"The good thing about us is that we're not reliant on one vehicle, which too many manufacturers are. If the market sneezes, then they get a severe cold. We're nicely spread. We're looking to sell around 12,000 of the Kona next year, so we'll become a five-car franchise, which I'm very happy with," Whitehorn says. 

A diesel tragedy

You'd have to be living under a rock in the middle of the North Sea to miss the backlash on diesel over recent months, and its decline is pretty much guaranteed now the government has placed an expiry date on the traditional combustion engine. 

The Ioniq has also been a huge success for Hyundai and, according to Whitehorn, made a statement on what the firm could do in terms of alternative fuel. However, although Hyundai has significantly invested in alternative fuels and has a number of new cars about to be launched offering a variety of different propulsions, Whitehorn believes diesel's fall from grace is not only unjustified, but also very sad. 

"It's a tragedy, because for a lot of people diesel is still the right option. If you're doing long journeys on the motorway, invariably diesel is still the best option for you," he explains. "We're not as reliant on diesel as many other manufacturers and we can be very flexible. For the manufacturers that have alternatives, they're the ones that are going to respond very quickly to the marketplace, and you've got to be a global manufacturer with very deep pockets to be able to do that.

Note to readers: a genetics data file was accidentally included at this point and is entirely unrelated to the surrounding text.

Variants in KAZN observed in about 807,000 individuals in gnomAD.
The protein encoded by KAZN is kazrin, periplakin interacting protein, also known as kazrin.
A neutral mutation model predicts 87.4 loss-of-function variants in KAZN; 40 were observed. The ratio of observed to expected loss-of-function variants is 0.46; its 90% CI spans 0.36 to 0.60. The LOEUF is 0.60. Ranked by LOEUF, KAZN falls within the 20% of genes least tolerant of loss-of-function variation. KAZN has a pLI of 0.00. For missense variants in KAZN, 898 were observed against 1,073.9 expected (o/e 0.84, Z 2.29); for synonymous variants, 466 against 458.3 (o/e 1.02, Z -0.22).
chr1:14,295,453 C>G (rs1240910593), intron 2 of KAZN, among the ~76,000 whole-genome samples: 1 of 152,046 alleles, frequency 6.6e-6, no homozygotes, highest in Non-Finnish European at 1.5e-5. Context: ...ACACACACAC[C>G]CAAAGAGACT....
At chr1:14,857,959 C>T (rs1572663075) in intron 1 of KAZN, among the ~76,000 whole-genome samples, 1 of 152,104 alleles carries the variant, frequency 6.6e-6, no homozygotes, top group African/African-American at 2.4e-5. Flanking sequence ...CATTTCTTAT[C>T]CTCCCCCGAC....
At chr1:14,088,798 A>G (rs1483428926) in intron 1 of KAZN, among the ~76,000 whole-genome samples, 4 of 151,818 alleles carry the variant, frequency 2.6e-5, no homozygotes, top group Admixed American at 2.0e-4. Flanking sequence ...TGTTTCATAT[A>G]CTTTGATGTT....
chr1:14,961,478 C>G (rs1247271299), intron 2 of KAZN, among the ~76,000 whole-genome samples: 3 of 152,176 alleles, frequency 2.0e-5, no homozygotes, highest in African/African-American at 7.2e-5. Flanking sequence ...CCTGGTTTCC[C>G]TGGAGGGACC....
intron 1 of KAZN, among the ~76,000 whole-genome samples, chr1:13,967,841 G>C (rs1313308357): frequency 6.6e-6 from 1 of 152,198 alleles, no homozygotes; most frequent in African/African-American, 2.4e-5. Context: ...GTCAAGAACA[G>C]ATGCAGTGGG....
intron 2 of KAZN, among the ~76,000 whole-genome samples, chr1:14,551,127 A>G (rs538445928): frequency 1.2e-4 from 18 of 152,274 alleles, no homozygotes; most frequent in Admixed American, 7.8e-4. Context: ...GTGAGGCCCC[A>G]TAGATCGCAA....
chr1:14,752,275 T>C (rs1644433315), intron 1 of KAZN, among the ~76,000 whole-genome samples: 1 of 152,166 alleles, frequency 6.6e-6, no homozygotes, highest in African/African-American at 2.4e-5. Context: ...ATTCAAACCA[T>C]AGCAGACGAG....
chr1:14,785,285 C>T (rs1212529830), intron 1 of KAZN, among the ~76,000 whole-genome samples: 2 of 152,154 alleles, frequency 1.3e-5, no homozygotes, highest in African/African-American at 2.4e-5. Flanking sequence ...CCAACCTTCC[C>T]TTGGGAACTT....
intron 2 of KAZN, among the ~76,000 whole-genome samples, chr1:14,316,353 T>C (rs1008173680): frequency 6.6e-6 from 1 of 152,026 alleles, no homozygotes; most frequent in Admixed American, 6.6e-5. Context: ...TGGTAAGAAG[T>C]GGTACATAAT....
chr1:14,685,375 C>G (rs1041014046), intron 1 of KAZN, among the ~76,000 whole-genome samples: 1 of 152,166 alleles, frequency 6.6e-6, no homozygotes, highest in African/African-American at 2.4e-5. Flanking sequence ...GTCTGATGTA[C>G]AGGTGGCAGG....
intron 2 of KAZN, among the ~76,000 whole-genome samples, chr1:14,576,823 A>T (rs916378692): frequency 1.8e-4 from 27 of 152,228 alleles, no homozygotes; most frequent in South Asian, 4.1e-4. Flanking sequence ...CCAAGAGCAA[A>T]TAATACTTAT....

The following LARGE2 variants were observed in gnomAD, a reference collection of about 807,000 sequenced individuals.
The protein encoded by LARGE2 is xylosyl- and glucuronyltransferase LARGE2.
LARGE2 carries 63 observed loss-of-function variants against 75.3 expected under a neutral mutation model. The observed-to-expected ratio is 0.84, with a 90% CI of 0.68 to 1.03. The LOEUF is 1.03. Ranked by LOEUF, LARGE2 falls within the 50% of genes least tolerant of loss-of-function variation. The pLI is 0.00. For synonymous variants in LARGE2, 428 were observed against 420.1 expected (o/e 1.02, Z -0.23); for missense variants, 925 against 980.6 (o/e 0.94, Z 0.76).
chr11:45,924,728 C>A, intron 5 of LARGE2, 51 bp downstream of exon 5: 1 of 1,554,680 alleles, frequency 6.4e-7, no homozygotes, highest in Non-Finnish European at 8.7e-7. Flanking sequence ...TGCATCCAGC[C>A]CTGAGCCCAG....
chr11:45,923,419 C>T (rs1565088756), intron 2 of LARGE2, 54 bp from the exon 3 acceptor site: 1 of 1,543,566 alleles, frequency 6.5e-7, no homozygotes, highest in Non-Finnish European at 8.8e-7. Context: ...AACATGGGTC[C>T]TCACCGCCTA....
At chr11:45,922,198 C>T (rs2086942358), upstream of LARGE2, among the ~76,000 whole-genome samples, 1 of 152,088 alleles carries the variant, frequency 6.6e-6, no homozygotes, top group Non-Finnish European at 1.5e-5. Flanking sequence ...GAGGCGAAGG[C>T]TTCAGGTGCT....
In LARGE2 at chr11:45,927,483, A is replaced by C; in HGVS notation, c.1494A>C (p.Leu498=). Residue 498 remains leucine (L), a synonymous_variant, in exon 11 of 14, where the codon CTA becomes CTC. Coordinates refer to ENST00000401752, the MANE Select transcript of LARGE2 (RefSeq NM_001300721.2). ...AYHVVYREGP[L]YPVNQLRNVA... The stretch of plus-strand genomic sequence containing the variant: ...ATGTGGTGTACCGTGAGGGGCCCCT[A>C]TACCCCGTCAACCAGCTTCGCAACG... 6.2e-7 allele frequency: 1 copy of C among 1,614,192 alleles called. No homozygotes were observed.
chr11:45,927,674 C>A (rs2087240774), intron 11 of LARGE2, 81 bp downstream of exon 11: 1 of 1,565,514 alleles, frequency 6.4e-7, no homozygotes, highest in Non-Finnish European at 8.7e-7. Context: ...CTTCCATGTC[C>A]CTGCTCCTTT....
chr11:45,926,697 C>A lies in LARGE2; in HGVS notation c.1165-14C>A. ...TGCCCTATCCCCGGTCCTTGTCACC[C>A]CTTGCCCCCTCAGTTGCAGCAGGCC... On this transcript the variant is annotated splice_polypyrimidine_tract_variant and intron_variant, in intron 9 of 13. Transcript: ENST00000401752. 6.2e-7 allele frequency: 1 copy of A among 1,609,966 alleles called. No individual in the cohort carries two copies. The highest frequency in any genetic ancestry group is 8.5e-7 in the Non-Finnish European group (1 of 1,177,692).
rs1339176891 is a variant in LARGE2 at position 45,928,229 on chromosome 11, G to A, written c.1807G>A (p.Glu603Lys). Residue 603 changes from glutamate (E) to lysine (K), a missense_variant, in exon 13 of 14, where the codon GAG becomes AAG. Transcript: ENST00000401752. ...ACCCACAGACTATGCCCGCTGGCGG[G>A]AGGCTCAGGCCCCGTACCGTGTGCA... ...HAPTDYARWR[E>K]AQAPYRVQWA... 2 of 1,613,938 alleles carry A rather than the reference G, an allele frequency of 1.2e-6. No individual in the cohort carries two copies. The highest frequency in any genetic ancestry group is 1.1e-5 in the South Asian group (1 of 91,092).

The demise of diesel technology will leave many manufacturers under strain in the years to come, especially those, according to Whitehorn, who have put all their eggs in one method-of-propulsion basket. The firm's biggest-selling car, the Tucson, had only a 9% petrol share this time last year. Last month, it stood at 49%, a massive change in such a short space of time.

"This is no longer Treasure Island and motor manufacturers are starting to pull away from the UK."

"A lot of manufacturers have invested in just one type of propulsion, which is dangerous," Whitehorn says. "You have to go down all routes; my belief is that fuel cell will be the ultimate answer, and EV, HEV and PHEV will bridge the gap to get there."

For fuel cell to be a success in the UK, Whitehorn admits that there needs to be significant investment before manufacturers will see any real return, alongside infrastructure and the right incentives in place.